Screening Room

MIPCOM Picks 2011: Prohibition

Ken Burns and Lynn Novick distill (sorry, couldn't resist the pun) the Prohibition years into five captivating hours, using expert interviews and, of course, scads of painstakingly-sourced archival footage and photos.
September 26, 2011

PROHIBITION

Partners: Florentine Films and WETA, distributed by PBS International

Length: 5 x 53 minutes

Airing: October 2011 (PBS)

Rights available: Worldwide

Prohibition, enacted in the United States from 1920 to 1933, has been referred to by some as “TheNoble Experiment” and by others as a grand folly. As per the Eighteenth Amendment to the American Constitution, it banned the sale, manufacture and transportation of alcohol. It also served as the hottest of political hot potatoes, pitting the “dries” (those in favor of Prohibition, who were also vehemently opposed to the proliferation of saloons and the loose morals displayed within) against the “wets” (those who just wanted to have a drink, damn it). What may have started as a “noble” endeavor to prevent rampant alcohol abuse wound up magnifying the issue, resulting in an increase in liquor consumption amongst the young, and a ramping up of criminal behavior as neighborhood gangs transformed into national crime syndicates.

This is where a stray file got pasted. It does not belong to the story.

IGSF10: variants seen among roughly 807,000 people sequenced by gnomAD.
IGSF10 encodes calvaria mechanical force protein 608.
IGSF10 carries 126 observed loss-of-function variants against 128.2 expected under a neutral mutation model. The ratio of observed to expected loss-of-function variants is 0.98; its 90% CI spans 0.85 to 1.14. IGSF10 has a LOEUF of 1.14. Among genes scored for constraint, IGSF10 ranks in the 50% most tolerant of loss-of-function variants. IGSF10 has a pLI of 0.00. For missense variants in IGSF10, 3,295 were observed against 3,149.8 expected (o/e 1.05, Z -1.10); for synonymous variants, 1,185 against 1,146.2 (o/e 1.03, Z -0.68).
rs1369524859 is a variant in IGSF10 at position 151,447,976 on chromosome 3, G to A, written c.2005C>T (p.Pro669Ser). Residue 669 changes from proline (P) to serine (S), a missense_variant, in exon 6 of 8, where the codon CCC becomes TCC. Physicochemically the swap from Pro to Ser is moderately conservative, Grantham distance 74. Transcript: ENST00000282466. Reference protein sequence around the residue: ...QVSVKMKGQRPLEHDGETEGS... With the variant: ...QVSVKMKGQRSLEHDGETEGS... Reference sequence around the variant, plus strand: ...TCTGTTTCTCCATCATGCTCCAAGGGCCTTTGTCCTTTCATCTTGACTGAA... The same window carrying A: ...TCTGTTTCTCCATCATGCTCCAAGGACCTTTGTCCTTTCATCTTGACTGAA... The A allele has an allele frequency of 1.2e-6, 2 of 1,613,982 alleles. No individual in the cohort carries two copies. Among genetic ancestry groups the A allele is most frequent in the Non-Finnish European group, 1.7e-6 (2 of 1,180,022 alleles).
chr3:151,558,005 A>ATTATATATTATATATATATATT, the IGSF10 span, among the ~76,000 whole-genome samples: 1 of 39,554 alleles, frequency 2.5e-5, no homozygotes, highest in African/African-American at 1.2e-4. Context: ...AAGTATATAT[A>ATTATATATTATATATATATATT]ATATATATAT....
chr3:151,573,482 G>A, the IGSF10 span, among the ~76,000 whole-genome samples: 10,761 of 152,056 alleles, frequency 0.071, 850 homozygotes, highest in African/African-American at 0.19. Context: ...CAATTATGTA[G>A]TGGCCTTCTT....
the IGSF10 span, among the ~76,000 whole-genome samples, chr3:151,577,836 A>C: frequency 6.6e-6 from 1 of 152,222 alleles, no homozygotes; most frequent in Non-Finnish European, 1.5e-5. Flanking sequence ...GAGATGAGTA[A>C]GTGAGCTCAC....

Ken Burns and Lynn Novick distill (sorry, couldn’t resist the pun) the Prohibition years into five captivating hours, using expert interviews and, of course, scads of painstakingly-sourced archival footage and photos.

About The Author
Selina Chignall joins the realscreen team as a staff writer. Prior to working with rs, she covered lobbying activity at Hill Times Publishing. She also spent a year covering the Hill as a journalist with iPolitics. Her beat focused on youth, education, democratic reform, innovation and infrastructure. She holds a Master of Arts in Journalism from Western University and a Honours Bachelor of Arts from the University of Toronto.

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